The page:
D. Appeal Period: The party may prefer an appeal to the Court of Federal Claims within 12 months from the date on which the final order was issued by the contracting officer. Unless timely appealed, a final judgment bars any further claim, suit, or demand against the United States arising out of the matters involved in the case or controversy[61]. A party must appeal a final judgment to the CAFC within 60 days of the date the party receives the adverse decision[62].


V. Appeals Before the U.S. Court of Appeals for the Federal Circuit.


A. Jurisdiction.


1. Single forum for BCA and COFC appeals: The Federal Circuit has national jurisdiction.[63] The Federal Circuit also has exclusive jurisdiction over appeals from an agency BCA and the COFC pursuant to section 8(g)(1) of the CDA[64].


2. Final judicial decision; no interlocutory appeals for CDA claims. : The US Court of Appeals for the Federal Circuit is the Final arbiter of Findings of fact in a Contract Dispute are final and conclusive unless they are fraudulent, arbitrary, capricious, made in bad faith, or not supported by substantial evidence.[65].


3. Time for appeal (jurisdictional?): The Party aggrieved by the decision of the Court of Federal Claims may prefer an appeal before the US Court of Appeals for the Federal Circuits, within 60 days from the date on which the impugned decision is issued.[66]


4. No jurisdiction for consent-only appeals from BCAs: The Courts of Appeal for the federal Circuit shall not have jurisdiction to entertain appeals against the judgments which are passed by the BCAs with the consent of the parties to vest the jurisdiction to the respective BCA.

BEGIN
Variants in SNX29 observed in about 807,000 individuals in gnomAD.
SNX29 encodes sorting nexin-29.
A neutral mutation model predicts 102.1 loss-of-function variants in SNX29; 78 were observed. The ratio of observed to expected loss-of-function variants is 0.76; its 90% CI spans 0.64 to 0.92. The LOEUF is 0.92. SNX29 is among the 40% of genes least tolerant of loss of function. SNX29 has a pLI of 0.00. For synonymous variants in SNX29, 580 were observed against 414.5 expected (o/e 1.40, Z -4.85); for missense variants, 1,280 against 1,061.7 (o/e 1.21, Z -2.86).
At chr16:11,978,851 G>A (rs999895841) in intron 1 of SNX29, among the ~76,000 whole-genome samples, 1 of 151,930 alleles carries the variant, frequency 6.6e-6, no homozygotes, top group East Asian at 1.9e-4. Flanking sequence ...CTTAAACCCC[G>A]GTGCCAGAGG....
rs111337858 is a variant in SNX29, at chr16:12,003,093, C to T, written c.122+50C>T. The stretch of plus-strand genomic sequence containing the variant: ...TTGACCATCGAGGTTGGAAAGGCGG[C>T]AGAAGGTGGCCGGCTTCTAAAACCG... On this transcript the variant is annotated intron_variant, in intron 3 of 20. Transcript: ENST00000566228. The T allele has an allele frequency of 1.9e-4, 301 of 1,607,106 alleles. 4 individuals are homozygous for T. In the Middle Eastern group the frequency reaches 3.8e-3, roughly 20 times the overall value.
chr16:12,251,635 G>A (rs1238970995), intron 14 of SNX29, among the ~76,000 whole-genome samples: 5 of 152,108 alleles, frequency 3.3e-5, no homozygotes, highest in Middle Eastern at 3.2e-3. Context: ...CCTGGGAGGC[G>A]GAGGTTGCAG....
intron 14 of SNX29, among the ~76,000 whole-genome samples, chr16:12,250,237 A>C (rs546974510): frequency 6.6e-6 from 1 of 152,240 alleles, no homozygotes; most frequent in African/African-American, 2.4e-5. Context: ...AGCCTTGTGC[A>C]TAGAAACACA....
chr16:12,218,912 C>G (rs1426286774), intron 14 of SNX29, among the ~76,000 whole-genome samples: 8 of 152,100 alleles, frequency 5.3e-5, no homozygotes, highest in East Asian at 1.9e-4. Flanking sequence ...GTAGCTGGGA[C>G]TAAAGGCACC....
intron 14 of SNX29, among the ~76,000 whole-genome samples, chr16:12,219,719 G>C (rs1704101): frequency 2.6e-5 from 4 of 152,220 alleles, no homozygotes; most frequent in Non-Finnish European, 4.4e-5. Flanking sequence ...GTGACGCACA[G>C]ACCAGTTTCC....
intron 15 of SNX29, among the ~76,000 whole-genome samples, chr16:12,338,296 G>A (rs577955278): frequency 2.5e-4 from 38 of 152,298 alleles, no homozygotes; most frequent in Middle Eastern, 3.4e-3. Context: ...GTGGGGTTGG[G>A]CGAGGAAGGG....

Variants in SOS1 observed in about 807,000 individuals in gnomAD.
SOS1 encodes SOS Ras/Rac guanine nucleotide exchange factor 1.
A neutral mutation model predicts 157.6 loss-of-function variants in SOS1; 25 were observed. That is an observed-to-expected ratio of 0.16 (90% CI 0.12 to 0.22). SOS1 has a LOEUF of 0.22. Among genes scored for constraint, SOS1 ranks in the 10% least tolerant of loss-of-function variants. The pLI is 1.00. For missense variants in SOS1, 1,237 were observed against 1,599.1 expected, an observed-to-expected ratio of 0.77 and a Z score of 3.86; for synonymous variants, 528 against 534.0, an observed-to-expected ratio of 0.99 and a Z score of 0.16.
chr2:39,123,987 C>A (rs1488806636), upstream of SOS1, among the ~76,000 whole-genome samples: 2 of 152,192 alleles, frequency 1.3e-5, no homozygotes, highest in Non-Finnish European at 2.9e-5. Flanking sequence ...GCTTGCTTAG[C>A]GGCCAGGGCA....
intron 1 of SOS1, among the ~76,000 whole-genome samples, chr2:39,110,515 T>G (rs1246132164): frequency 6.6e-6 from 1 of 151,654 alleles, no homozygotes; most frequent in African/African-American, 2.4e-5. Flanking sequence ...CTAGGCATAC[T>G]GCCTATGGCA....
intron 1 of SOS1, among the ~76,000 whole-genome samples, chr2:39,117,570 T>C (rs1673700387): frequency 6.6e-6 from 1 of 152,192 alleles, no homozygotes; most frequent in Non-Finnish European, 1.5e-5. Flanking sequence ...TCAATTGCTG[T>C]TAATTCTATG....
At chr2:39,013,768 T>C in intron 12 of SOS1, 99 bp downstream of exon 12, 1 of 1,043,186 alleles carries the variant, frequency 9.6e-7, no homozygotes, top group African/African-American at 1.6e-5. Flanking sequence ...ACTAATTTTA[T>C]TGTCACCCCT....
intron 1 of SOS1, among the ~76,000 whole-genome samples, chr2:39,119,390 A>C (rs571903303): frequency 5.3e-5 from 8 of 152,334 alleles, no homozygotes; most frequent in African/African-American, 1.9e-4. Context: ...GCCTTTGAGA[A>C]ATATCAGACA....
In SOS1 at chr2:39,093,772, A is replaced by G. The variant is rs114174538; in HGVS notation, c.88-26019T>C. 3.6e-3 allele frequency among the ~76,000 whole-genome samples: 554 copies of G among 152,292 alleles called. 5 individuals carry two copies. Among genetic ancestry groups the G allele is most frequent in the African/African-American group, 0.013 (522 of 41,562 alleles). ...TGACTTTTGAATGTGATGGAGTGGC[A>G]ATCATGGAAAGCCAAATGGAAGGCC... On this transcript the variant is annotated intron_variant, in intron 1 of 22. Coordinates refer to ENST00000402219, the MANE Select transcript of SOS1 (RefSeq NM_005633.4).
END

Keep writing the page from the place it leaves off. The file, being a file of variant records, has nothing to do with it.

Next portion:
5. Death of the NAFI Doctrine (Slattery v. United States): The U.S. Court of Appeals for the Federal Circuit’s decision in Slattery v. U.S. generally has eliminated the non-appropriated funds instrumentality (NAFI) doctrine as a bar to jurisdiction under the Tucker Act, 28 USCA § 1491 (and presumably also under the Contract Disputes Act, 41 USCA § 7101 et seq.). See 53 GC ¶ 48. The NAFI doctrine has plagued private parties entering into agreements with various U.S. Government entities for several reasons:


a. NAFIs have enjoyed all the immunity of the Government while generally avoiding all liability exposure resulting from their actions or inactions (with the exception of the military and NASA exchanges); and

b. it often has been unclear whether a particular U.S. federal entity is a NAFI—and not subject to suit—until the Federal Circuit declares it so. Thus, Slattery should make contracting with entities related to or affiliated with the Government more stable and predictable, placing the onus on Congress to demarcate when a U.S. Government entity will be exempted from suit under the Tucker Act.[67]



AUTHOR PROFILE:

Ramakant Singh was enrolled with the Bar in 2008 and possesses almost a decade of rigorous experience of working with businesses and individuals, including fortune 500 companies.

The wide spectrum and diversity of work undertaken by Ramakant has enabled him to attain versatility in the legal profession. Ramakant has a keen interest in writing and research, and has many research papers in his name on issues of different legal jurisdictions.


You can reach the Author in any of the following ways:

Phone: +91-7903037566, Email: ramakantsingh@lawyer.com

Fiverr Profile: www.fiverr.com/ramakantsingha

Linkedin: https://www.linkedin.com/in/ramakantsingha

Facebook: https://www.facebook.com/ramakantsingha